Here is what they had to say… 

Jennifer:  The need for robust IDS/IPS alerting is essential in enterprise WLANs used in environments where the security of WLAN data is of import, or may be required by law.  Generating a baseline of WLAN usage, and implementing periodic auditing could mitigate the impact of a data breach, or prevent a repeat of the 2007 T. J. Maxx data theft incident.  Implementing a WIPS/WIDS system is usually one of many steps toward HIPAA or PCI compliance.  The ability of the WIPS/WIDS system to determine if a rogue AP is connected to the enterprise network is especially beneficial when determining the real threat of the rogue device.

Keith:  I agree with Jennifer’s initial description of the value of a wireless IDS/IPS system. I too have noticed the initial value of a WIDS is in the area of security. Being able to configure the correct security alarms for the intrusions your company cares about is paramount. A WIDS straight out of the box will give hundreds, if not thousands of alarms. The first step should be to correctly choose and configure the alarms your firm cares about tracking. Then build the proper response to those alarm triggers, i.e. document the remediation process for each alarm. As you clear each alarm category, then slowly add more alarms to the WIDS system until you get to where your firm wants to be. 

In my clients, they purchase a WIDS for security – but then received the best ROI based on the performance alarms and learning to better adapt the performance characteristics of their Wireless LAN – thus getting double, triple or higher throughput increases. Yes, the security is important, but a great WIDS/WIPS should also help you to troubleshoot and ‘tweak’ your Wireless LAN as well.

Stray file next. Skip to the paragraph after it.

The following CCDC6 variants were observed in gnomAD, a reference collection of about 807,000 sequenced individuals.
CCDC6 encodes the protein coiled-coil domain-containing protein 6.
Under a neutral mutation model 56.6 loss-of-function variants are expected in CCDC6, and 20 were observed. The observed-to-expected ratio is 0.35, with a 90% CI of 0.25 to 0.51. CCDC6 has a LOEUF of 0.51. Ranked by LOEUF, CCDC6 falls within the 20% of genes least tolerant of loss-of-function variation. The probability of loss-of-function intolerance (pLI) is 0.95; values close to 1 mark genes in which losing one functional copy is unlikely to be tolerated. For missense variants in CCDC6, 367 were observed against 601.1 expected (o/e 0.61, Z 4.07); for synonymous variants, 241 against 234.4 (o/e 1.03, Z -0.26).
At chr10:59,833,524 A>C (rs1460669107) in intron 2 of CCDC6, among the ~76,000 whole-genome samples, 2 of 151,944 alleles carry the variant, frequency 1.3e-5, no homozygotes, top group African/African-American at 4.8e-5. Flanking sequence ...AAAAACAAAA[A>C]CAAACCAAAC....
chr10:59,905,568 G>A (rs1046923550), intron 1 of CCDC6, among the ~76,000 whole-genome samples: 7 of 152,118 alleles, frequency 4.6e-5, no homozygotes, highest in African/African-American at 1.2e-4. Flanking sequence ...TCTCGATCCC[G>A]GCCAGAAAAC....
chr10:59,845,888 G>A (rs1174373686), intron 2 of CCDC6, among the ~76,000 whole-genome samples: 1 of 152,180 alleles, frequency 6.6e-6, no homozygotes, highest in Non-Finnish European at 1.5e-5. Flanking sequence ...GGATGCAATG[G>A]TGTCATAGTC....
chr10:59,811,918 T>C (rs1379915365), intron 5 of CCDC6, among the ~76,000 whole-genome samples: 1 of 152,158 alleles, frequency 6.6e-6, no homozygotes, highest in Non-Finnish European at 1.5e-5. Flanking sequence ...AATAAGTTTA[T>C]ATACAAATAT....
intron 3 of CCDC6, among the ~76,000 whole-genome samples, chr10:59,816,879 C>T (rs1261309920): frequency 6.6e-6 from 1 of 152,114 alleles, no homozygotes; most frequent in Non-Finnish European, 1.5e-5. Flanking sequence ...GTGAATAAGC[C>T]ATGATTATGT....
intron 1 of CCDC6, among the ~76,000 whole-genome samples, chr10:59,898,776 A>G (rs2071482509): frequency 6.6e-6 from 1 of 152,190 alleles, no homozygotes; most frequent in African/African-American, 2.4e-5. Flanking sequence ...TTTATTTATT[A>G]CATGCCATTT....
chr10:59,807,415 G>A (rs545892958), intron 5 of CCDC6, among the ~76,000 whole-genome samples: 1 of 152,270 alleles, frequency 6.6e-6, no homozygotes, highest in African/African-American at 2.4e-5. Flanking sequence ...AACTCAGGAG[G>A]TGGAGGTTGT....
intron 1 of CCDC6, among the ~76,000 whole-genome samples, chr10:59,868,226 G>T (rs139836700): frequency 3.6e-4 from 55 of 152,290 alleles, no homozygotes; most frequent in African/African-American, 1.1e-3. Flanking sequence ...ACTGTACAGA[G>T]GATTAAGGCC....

Joel: Wireless IDS/IPS is important because, for any establishment that accepts credit cards, PCI DSS compliance requires it. Customers who don’t accept credit cards should still implement WIDS/WIPS so they are aware of security threats and can take steps to reduce or eliminate rogue devices. In my opinion, it is more important to do continual monitoring rather than just periodic monitoring, as required by PCI DSS.

The most important feature, after detecting rogues, is the ability to produce meaningful reports so that management can understand what needs to be done to properly, quickly, and legally deal with those rogue devices.

What do YOU think?  Let our panel know by submitting a comment! 

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Wi-Fi Masterminds

I am starting a new series here called “Wi-Fi Masterminds” (TM).

I will ask questions to a series of panelists and they will answer in round-robin fashion, where they can answer the question as well as respond to others.

If you have ever seen the show “Around the Horn” on ESPN, that is the type of interaction I am looking for.

I am planning on a pool of 6-8 masterminds, bit will limit each question to a panel of three members. I will try to minimize my own involvement in the questions to only provide structure where needed or correct any factual errors.

I am drawing the masterminds from several different wireless vendors & VARs as all as individual consultancies. I would like to keep the discussion as vendor neutral as possible. I understand that it may be necessary to refer to vendor specifics from time to time, but have asked all panelists to be respectful of other vendor viewpoints.

My first question is about wireless IDS/IPS systems and is meant to piggyback off of recent content I published here as well as on my Computerworld blog.

Feel free to suggest future topics and/or volunteer as a panelist. When the first post is published (hopefully in the next day or two), let our panel know what you think by submitting a comment of your own.